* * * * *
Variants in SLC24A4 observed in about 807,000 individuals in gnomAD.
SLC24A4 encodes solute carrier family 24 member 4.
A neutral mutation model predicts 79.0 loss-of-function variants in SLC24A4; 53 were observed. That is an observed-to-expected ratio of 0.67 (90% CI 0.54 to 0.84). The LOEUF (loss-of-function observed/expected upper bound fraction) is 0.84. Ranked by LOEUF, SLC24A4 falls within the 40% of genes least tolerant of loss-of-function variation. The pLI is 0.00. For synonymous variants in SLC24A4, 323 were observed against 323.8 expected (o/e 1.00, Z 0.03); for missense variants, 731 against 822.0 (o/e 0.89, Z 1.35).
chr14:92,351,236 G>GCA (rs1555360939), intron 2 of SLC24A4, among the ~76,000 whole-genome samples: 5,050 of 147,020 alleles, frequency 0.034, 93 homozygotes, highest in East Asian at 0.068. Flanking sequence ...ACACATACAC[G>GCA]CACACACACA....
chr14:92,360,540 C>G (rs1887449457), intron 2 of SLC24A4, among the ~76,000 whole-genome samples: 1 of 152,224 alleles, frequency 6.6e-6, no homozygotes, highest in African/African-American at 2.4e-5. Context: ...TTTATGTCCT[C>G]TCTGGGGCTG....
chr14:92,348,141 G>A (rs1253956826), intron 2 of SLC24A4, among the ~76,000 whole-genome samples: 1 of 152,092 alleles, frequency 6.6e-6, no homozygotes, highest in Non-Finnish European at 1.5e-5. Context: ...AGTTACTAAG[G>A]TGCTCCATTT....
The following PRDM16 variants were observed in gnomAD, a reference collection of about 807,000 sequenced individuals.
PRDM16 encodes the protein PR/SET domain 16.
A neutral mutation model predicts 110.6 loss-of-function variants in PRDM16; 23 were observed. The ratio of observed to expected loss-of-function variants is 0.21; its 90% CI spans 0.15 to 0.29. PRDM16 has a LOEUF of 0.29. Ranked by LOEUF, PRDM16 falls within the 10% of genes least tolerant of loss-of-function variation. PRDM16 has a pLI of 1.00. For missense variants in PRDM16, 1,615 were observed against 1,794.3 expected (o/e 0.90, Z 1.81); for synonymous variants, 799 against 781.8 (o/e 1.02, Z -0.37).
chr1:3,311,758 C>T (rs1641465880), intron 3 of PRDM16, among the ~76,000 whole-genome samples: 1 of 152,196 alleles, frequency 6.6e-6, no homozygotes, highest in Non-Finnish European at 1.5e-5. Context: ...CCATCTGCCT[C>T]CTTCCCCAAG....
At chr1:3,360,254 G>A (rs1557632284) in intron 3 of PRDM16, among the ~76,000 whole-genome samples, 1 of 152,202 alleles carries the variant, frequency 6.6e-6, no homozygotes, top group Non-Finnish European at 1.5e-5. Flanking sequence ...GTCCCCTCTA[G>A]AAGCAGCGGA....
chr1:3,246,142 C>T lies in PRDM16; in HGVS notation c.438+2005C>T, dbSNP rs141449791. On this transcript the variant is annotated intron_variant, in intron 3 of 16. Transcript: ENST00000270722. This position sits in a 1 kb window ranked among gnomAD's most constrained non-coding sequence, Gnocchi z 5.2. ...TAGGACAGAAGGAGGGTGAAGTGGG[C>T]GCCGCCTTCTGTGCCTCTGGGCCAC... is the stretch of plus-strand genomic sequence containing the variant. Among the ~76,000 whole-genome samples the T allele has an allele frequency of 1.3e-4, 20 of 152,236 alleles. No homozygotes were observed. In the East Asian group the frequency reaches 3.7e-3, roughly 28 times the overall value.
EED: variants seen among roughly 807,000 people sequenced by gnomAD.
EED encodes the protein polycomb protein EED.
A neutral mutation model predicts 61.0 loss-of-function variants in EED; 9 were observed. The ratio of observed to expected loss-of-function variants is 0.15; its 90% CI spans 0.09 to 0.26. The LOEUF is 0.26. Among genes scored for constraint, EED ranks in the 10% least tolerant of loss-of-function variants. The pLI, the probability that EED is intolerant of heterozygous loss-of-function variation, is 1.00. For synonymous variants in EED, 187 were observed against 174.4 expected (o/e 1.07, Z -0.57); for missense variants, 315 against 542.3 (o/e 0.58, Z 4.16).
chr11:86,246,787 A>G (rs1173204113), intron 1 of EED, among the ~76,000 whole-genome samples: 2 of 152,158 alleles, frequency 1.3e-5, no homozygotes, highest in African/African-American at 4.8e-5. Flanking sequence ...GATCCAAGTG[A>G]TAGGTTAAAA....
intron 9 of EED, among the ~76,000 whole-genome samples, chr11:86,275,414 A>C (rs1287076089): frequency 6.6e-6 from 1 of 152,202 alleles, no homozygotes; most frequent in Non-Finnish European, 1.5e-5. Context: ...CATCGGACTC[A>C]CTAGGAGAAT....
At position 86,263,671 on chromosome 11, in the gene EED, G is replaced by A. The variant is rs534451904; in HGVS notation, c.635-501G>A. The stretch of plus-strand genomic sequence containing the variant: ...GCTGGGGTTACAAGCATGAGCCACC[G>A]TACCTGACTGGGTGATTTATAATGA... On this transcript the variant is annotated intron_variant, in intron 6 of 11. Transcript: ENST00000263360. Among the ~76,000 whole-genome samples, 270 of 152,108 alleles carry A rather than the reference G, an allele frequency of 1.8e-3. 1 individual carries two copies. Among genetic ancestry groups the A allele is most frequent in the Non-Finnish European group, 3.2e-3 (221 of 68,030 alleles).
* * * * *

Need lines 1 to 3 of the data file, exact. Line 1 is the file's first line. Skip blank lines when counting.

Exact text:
Variants in SLC24A4 observed in about 807,000 individuals in gnomAD.
SLC24A4 encodes solute carrier family 24 member 4.
A neutral mutation model predicts 79.0 loss-of-function variants in SLC24A4; 53 were observed. That is an observed-to-expected ratio of 0.67 (90% CI 0.54 to 0.84). The LOEUF (loss-of-function observed/expected upper bound fraction) is 0.84. Ranked by LOEUF, SLC24A4 falls within the 40% of genes least tolerant of loss-of-function variation. The pLI is 0.00. For synonymous variants in SLC24A4, 323 were observed against 323.8 expected (o/e 1.00, Z 0.03); for missense variants, 731 against 822.0 (o/e 0.89, Z 1.35).